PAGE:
This is a big question that I have many answers for. Yes, I ride for one of my best friend’s grandmothers, Grandma Sandy, who had breast cancer and was the first person I knew to pass away from cancer. Yes, I ride for the girls I mentor through Mount Nebo to show them that anything is possible. And yes, I ride for every life touched by cancer. Perhaps my biggest yes is that I ride for my dad.
In May 2017, during my freshman year of college, my own family was hit with a stunning cancer diagnosis. My dad had stage IV metastatic pancreatic cancer. The fact that his cancer was inoperable was a huge blow. The fact that pancreatic cancer has a 7% survival rate was painful. The fact that his prognosis was 1 year to live was heartbreaking.
It was a classic case of “I never thought this would happen to my family”. Before I knew it, that initial prognosis dwindled down from 1 year to 6 months to just weeks. I’ve described it before as a tornado. Our lives before the diagnosis was like a house, with some creaky doors and loose hinges, but I loved it anyways because it was ours. Post cancer tornado, you see the remnants of the house. A chair over there and a doorframe over here. You have to rebuild and fit it back together the best way you can, knowing it will never be the same again.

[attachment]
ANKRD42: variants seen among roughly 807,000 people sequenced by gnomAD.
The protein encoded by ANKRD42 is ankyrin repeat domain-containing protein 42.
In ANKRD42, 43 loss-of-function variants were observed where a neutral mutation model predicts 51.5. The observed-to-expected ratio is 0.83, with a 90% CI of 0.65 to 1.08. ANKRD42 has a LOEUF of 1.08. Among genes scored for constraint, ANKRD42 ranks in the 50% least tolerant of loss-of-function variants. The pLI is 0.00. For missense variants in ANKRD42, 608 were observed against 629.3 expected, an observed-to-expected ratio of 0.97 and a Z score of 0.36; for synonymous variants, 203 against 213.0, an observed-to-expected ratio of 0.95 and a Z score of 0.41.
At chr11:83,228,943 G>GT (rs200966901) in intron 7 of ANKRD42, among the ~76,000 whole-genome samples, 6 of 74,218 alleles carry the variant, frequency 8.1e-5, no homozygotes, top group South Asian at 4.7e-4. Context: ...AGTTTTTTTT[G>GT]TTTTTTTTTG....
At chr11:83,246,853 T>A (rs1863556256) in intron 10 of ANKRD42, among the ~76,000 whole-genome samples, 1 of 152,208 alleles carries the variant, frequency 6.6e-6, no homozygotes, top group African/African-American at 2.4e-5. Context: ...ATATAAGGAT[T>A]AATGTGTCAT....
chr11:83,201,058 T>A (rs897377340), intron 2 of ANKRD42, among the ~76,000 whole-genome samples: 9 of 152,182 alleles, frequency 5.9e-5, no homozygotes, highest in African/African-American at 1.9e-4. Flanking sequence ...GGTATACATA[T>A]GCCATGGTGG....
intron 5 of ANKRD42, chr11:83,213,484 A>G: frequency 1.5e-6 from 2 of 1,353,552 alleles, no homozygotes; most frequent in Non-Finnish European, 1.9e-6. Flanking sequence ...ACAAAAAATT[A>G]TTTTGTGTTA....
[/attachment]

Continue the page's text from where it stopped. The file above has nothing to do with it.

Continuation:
My dad died July 21, 2017. I ride for him, for my mom and sisters, and for me too. After the tornado came the rescue teams. My family was blessed with amazing community around us. Family and friends came from all over to help us take care of things and to celebrate my dad’s life. He is absolutely worth celebrating. There were so many people surrounding us with love and prayer.
“Not only that, but we rejoice in our sufferings, knowing that suffering produces endurance, and endurance produces character, and character produces hope, and hope does not put us to shame, because God’s love has been poured into our hearts through the Holy Spirit who has been given to us” – Romans 5:3-5. Yes it was and still is hard, and of course I am stronger from it all. I learned how to love harder and find hope in the lowest of places. And now I have the determination to bike over 4,500 miles from Austin to Alaska in the fight against cancer, spreading knowledge, charity, and lots of hope.
If I can be riding for you or anyone you know, please let me know!